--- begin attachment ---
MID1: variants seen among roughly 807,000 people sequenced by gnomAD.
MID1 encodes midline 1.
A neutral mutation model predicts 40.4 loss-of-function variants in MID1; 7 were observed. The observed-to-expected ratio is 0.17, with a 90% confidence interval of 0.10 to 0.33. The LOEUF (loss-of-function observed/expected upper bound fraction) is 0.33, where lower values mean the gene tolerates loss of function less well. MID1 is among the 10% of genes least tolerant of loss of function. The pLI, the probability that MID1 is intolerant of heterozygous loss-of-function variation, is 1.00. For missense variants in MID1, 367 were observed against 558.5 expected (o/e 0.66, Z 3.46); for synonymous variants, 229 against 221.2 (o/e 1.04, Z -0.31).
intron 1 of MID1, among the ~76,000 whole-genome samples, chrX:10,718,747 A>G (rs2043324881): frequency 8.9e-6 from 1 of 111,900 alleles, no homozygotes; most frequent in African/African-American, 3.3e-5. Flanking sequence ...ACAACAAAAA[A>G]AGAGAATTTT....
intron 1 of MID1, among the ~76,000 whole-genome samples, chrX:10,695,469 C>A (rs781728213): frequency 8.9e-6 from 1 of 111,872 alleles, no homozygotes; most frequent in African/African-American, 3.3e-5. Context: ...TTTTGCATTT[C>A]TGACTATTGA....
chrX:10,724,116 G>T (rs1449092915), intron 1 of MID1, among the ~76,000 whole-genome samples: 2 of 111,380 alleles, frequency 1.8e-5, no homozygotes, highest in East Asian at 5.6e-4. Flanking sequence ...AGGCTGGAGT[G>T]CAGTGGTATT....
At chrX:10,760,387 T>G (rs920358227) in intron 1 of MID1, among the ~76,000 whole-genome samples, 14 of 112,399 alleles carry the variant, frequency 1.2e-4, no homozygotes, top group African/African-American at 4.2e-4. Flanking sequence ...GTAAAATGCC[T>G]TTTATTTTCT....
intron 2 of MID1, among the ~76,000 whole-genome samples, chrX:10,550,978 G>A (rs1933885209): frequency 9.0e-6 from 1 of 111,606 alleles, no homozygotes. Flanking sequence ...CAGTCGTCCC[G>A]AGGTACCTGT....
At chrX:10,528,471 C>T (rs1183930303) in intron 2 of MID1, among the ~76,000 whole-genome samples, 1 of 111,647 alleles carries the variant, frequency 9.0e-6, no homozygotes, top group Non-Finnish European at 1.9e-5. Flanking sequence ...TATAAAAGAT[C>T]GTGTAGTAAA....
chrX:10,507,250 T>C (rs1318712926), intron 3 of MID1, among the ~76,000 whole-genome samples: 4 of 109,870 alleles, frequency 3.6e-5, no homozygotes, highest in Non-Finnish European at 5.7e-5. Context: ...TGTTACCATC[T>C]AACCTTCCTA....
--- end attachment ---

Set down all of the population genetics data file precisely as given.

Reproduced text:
MID1: variants seen among roughly 807,000 people sequenced by gnomAD.
MID1 encodes midline 1.
A neutral mutation model predicts 40.4 loss-of-function variants in MID1; 7 were observed. The observed-to-expected ratio is 0.17, with a 90% confidence interval of 0.10 to 0.33. The LOEUF (loss-of-function observed/expected upper bound fraction) is 0.33, where lower values mean the gene tolerates loss of function less well. MID1 is among the 10% of genes least tolerant of loss of function. The pLI, the probability that MID1 is intolerant of heterozygous loss-of-function variation, is 1.00. For missense variants in MID1, 367 were observed against 558.5 expected (o/e 0.66, Z 3.46); for synonymous variants, 229 against 221.2 (o/e 1.04, Z -0.31).
intron 1 of MID1, among the ~76,000 whole-genome samples, chrX:10,718,747 A>G (rs2043324881): frequency 8.9e-6 from 1 of 111,900 alleles, no homozygotes; most frequent in African/African-American, 3.3e-5. Flanking sequence ...ACAACAAAAA[A>G]AGAGAATTTT....
intron 1 of MID1, among the ~76,000 whole-genome samples, chrX:10,695,469 C>A (rs781728213): frequency 8.9e-6 from 1 of 111,872 alleles, no homozygotes; most frequent in African/African-American, 3.3e-5. Context: ...TTTTGCATTT[C>A]TGACTATTGA....
chrX:10,724,116 G>T (rs1449092915), intron 1 of MID1, among the ~76,000 whole-genome samples: 2 of 111,380 alleles, frequency 1.8e-5, no homozygotes, highest in East Asian at 5.6e-4. Flanking sequence ...AGGCTGGAGT[G>T]CAGTGGTATT....
At chrX:10,760,387 T>G (rs920358227) in intron 1 of MID1, among the ~76,000 whole-genome samples, 14 of 112,399 alleles carry the variant, frequency 1.2e-4, no homozygotes, top group African/African-American at 4.2e-4. Flanking sequence ...GTAAAATGCC[T>G]TTTATTTTCT....
intron 2 of MID1, among the ~76,000 whole-genome samples, chrX:10,550,978 G>A (rs1933885209): frequency 9.0e-6 from 1 of 111,606 alleles, no homozygotes. Flanking sequence ...CAGTCGTCCC[G>A]AGGTACCTGT....
At chrX:10,528,471 C>T (rs1183930303) in intron 2 of MID1, among the ~76,000 whole-genome samples, 1 of 111,647 alleles carries the variant, frequency 9.0e-6, no homozygotes, top group Non-Finnish European at 1.9e-5. Flanking sequence ...TATAAAAGAT[C>T]GTGTAGTAAA....
chrX:10,507,250 T>C (rs1318712926), intron 3 of MID1, among the ~76,000 whole-genome samples: 4 of 109,870 alleles, frequency 3.6e-5, no homozygotes, highest in Non-Finnish European at 5.7e-5. Context: ...TGTTACCATC[T>C]AACCTTCCTA....